Review History


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Summary

  • The initial submission of this article was received on December 12th, 2014 and was peer-reviewed by 3 reviewers and the Academic Editor.
  • The Academic Editor made their initial decision on January 14th, 2015.
  • The first revision was submitted on February 26th, 2015 and was reviewed by 3 reviewers and the Academic Editor.
  • A further revision was submitted on March 31st, 2015 and was reviewed by the Academic Editor.
  • The article was Accepted by the Academic Editor on March 31st, 2015.

Version 0.3 (accepted)

· · Academic Editor

Accept

I thank the author for taking on board these further comments when appropriate and for argumenting their choice against a specific (and not essential) change. The manuscript is now acceptable for publication.
I am convinced the scientific community will benefit from the author's findings and attempt to rationalise experimental evidence in a predictive model.

Version 0.2

· · Academic Editor

Minor Revisions

The revised manuscript has been improved significantly and has implemented the concerns/suggestions provided by the reviewers.
The additional comments provided by reviewer 3 are all minor but would still improve the manuscript. As they will require little time to be implemented, I expect to be approving a final version of the manuscript very soon.

Reviewer 1 ·

Basic reporting

No comments - see below.

Experimental design

No comments - see below.

Validity of the findings

No comments - see below.

Comments for the author

I am happy that my comments have been answered in a satisfactory manner. I am especially happy to see that the GFP data has been quantified and is described in a more precise manner.

Reviewer 2 ·

Basic reporting

please see below

Experimental design

please see below

Validity of the findings

please see below

Comments for the author

The revised version of this manuscripts has achieved significant improvement. The methods section now is clearly written, and most of the original concerns were taken into account.

·

Basic reporting

The article has improved from the previous version. I still have some criticisms but they are minor and I leave to the editors' discretion whether they should be addressed or not prior to publication.

line 48 “UAA does not naturally exist” - that may be inaccurate. I think 3-iodo-L-tyrosine is an early precursor of a thyroid hormone.

lines 45 - 55 could be edited for clarity.

line 56 (and other instances) - I think “UAA-controlled” may be preferable to “UAA-controlling”

line 60 - “Riboswitches…” should be the start of a new paragraph.

lines 74 - 76 could be edited for clarity.

line 277 - I think “Excel ver. 14.0” would suffice.

Experimental design

Fine.

Validity of the findings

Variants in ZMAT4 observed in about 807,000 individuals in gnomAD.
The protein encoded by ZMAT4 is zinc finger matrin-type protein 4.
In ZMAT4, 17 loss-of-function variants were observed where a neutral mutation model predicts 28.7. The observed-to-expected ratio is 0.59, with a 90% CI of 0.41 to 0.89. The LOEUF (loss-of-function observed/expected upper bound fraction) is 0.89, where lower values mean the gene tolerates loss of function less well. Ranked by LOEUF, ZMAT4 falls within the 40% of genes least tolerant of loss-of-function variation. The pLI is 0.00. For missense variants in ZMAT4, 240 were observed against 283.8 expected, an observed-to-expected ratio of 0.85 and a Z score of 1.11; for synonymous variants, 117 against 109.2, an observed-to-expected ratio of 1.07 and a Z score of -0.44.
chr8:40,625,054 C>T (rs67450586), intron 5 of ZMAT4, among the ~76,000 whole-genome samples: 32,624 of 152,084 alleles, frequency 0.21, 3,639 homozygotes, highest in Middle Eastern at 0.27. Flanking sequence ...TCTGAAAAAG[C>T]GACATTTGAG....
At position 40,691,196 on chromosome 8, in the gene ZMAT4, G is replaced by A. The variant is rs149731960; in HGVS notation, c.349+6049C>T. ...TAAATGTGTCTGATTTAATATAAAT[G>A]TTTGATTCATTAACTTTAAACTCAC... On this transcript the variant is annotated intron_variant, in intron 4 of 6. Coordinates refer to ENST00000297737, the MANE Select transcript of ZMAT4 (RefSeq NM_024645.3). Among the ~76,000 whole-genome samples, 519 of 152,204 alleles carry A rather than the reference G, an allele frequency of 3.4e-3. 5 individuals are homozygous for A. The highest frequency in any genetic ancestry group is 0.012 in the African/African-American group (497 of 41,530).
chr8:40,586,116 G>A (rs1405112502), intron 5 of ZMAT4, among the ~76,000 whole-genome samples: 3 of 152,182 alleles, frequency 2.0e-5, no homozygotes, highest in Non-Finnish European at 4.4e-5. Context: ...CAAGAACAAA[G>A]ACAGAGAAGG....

M&M - The fitting of the IY dose response is not explained, the equation and the goodness of fit are not given. The fitted curve could also be added to Fig 2A. The benefit of having a fit is that one would then be able to predict translation levels for any given IY concentration - which I understood to be the aim of the study.

M&M - The Welch’s t-test is an improvement in the analysis but still assumes that the underlying distribution is normal. While I don’t think the conclusions of the paper will be affected, rigorous analysis would require transformation of the data to break the correlation between mean and variance. The transformed data (then a normal distribution) would then be suitable for a t-test or ANOVA.

Version 0.1 (original submission)

· · Academic Editor

Minor Revisions

The submitted manuscript addresses a topic of broad interest in the field and would meet the interest of the community.

As all of the reviewers have pointed out, however, some additional details are needed to support the author's claims. In particular, the following points should be prioritised in preparing the revised version:

1. Detailed Experimental Section: reviewer 1 and 2 list the key information missing from the current manuscript and that should be added

2. Background: as pointed out by reviewers 2 and 3, the provided background information is currently kept to the minimum. Additional evidence on the use and performance of other similar systems (including those not developed by the author) should be included to support the importance of the advances here presented.

3. Conclusions: stating the generality of the presented approach and its relevance (compared to other systems, see point 2 and comment from reviewer 2 and 3) would strengthen the final claims. In addition, the issue of fluorescence uniformity (reviewers 1 and 3) should be explicitly addressed.

4. Clarity can be improved throughout the manuscript by following the grammar and language suggestions given by reviewer 2.

The detailed and overall positive comments given from the three reviewers provide accurate and straightforward guidelines for the revision of the manuscript. I believe that all points made by the three reviewers are valid, and encourage the author to consider them for revision even if they are not featured in the priority list above.
I will be looking forward to reading the revised version.

Reviewer 1 ·

Basic reporting

Submission is well written in the most part and easy to understand. A couple of clarifications are needed, I think:

P4 L44 – “no molecules were expressed” – do you mean no protein was produced?

P7 L86 – “The intracellular IY concentration was possibly a subsaturation level at the suboptimal concentration of extracellular IY” – I am not sure I understand this point.

Experimental design

I think that the materials & methods section could have a few more details in, for example:
Composition of LB needs to be stated as there are multiple recipes.
What temperature were cultures grown at? What volume? What type of flask? What shaking speed? How were bacteria washed? What is IY dissolved in?
How was fluorescence measured?